The Takeovers Panel noted that as the whitewash waiver was granted subject to, among other things, compliance with Rule 25, Alibaba Group's breach of Rule 25 would invalidate the waiver, and it would follow that a mandatory general offer obligation has been triggered unless waived.

However, in light of the difficulties in placing a precise value on the favourable conditions received by Mr Chen, and the prevailing market price CITIC 21CN’s shares since the subscription was announced, the Takeovers Panel noted that any additional value to the subscription price Alibaba Group paid to acquire a majority interest in CITIC 21CN was most unlikely to be material in the context, and therefore waived the mandatory general offer obligation.

Useful points on the rules governing special deals and whitewash transactions

The written decision contains some useful discussion on the rules governing special deals and whitewash transactions of which practitioners and persons who propose to take-over Hong Kong listed companies should take note:

  • The underlying purpose of Rule 25 is derived from a fundamental principle in the Takeovers Code – General Principle 1 – that all shareholders should be treated equally. Rule 25 is a major concession to the strict operation of General Principle 1. The consent of the Takeovers Executive to a special deal, particularly one which is not specifically covered by the Notes to the Rule, is not a foregone conclusion.
  • Transactions that Rule 25 seeks to address go much wider than those in which a shareholder is induced to accept or promote an offer or whitewash transaction. It is unnecessary for the Takeovers Executive or the Takeovers Panel to show that inducement was the underlying purpose of the arrangement.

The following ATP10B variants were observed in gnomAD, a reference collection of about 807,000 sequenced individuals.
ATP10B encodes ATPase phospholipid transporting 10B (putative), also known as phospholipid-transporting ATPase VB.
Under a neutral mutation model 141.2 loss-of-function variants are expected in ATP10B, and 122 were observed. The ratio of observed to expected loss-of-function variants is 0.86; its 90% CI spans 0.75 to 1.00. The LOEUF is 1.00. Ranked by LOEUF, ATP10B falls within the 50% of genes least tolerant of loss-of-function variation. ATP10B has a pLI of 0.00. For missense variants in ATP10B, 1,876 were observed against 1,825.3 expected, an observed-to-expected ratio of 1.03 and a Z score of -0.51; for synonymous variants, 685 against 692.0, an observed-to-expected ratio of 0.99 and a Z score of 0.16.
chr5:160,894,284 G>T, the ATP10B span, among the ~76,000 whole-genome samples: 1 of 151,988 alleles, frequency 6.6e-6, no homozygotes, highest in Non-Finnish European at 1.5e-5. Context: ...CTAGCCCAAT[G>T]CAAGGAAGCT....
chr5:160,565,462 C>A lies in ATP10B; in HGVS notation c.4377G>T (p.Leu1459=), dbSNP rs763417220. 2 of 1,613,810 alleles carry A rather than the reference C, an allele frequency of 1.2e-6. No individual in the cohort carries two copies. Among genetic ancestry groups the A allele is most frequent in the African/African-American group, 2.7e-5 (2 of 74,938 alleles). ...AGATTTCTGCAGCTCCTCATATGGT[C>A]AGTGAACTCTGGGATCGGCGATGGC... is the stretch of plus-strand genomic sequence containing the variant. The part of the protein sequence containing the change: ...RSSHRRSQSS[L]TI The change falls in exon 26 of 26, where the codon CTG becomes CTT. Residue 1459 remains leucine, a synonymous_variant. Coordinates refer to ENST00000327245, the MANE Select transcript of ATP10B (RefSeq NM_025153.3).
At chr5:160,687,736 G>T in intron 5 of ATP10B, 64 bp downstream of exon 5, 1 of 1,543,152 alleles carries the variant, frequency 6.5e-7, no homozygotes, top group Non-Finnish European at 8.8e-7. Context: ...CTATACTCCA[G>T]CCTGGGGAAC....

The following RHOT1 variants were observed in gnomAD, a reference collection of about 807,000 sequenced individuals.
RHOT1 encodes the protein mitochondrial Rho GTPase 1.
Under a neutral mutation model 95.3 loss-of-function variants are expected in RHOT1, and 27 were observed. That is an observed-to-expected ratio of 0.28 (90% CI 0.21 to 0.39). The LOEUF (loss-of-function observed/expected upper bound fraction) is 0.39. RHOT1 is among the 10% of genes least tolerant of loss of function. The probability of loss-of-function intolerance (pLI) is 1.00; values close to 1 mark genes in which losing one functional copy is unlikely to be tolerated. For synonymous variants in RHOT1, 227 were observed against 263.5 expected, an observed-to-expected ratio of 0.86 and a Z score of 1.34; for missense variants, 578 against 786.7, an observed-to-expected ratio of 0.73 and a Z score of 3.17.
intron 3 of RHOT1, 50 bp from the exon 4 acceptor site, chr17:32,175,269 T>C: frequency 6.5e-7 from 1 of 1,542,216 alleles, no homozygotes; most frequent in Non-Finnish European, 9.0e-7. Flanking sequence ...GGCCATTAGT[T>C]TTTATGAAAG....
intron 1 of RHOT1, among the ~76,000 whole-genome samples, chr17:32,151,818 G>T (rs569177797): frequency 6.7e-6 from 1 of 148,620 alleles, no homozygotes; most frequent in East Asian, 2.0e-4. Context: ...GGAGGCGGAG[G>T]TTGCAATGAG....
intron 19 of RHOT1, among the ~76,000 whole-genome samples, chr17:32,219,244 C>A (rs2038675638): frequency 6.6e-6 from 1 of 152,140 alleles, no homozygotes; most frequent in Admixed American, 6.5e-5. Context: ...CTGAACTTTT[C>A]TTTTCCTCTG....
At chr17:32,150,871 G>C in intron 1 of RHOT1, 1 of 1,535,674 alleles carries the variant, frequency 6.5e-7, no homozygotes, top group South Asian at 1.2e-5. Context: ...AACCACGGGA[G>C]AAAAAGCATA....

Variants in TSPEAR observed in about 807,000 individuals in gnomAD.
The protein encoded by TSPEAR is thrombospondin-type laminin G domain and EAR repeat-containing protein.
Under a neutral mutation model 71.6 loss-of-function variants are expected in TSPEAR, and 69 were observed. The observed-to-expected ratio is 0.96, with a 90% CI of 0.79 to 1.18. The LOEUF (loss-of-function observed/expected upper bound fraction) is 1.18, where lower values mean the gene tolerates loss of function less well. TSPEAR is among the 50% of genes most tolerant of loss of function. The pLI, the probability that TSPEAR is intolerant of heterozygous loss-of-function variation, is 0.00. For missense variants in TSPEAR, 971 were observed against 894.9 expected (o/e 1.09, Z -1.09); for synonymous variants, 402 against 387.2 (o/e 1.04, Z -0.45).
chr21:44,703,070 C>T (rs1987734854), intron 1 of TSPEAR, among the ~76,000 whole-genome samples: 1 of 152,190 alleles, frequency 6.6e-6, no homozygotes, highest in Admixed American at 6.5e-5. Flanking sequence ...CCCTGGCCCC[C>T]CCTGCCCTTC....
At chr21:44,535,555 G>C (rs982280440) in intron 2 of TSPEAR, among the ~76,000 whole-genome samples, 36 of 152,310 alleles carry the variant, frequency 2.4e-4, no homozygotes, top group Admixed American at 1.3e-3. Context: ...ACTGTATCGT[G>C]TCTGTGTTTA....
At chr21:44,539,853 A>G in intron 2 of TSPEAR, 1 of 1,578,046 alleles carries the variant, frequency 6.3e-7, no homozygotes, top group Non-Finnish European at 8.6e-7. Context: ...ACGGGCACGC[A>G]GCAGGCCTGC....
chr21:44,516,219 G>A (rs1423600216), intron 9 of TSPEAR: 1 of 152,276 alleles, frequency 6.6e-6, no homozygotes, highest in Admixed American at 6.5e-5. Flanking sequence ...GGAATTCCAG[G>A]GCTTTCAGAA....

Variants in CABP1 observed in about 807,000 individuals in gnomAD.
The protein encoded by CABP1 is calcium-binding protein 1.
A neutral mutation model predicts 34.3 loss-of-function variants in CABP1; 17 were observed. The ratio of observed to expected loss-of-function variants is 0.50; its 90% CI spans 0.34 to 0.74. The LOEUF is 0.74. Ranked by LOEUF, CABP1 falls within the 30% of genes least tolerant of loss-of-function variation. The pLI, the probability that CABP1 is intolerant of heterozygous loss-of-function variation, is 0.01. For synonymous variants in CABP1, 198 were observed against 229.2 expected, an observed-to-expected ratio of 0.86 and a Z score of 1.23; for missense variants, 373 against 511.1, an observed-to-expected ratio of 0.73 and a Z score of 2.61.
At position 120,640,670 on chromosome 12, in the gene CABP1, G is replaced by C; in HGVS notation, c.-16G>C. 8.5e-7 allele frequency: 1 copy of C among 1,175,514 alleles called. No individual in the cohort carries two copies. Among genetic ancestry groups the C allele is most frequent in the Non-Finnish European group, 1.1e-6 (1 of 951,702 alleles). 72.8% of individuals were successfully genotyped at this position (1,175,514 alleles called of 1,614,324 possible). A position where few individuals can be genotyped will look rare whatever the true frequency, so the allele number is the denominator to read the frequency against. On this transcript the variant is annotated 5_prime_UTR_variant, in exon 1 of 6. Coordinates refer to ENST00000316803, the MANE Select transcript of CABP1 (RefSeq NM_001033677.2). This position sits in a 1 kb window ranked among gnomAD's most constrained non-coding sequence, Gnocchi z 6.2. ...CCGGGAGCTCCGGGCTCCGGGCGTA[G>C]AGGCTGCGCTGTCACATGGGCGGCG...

• The Hong Kong legal advisers for Alibaba Group argued that neither they nor Alibaba knew that Mr Chen was a shareholder of CITIC 21CN. In this regard, the Takeovers Panel suggested that given the proximity of the relationship between siblings, the Hong Kong legal advisers should have been concerned that the OpCo Agreements may have fallen within the ambit of General Principle 1 and Rule 25, even if Mr Chen was not a shareholder, and should have consulted the Takeovers Executive.
  • Alibaba Group argued that a favourable condition should only be one that gave a greater value to an asset than could be obtained from another party. The Takeovers Panel rejected this argument. It considered that a favourable condition in the context of Rule 25 is one in which a positive value or benefit is received by the shareholder under an arrangement with the offeror and it is not necessary to be a consideration which exceeds the market price for an asset or service involved in the arrangement.
  • In normal circumstances, a breach of a rule to which a whitewash waiver is subject, should result in the whitewash waiver being invalidated. This will place a discipline on successful applicants for a whitewash waiver to adhere strictly to the conditions under which the whitewash waiver is granted.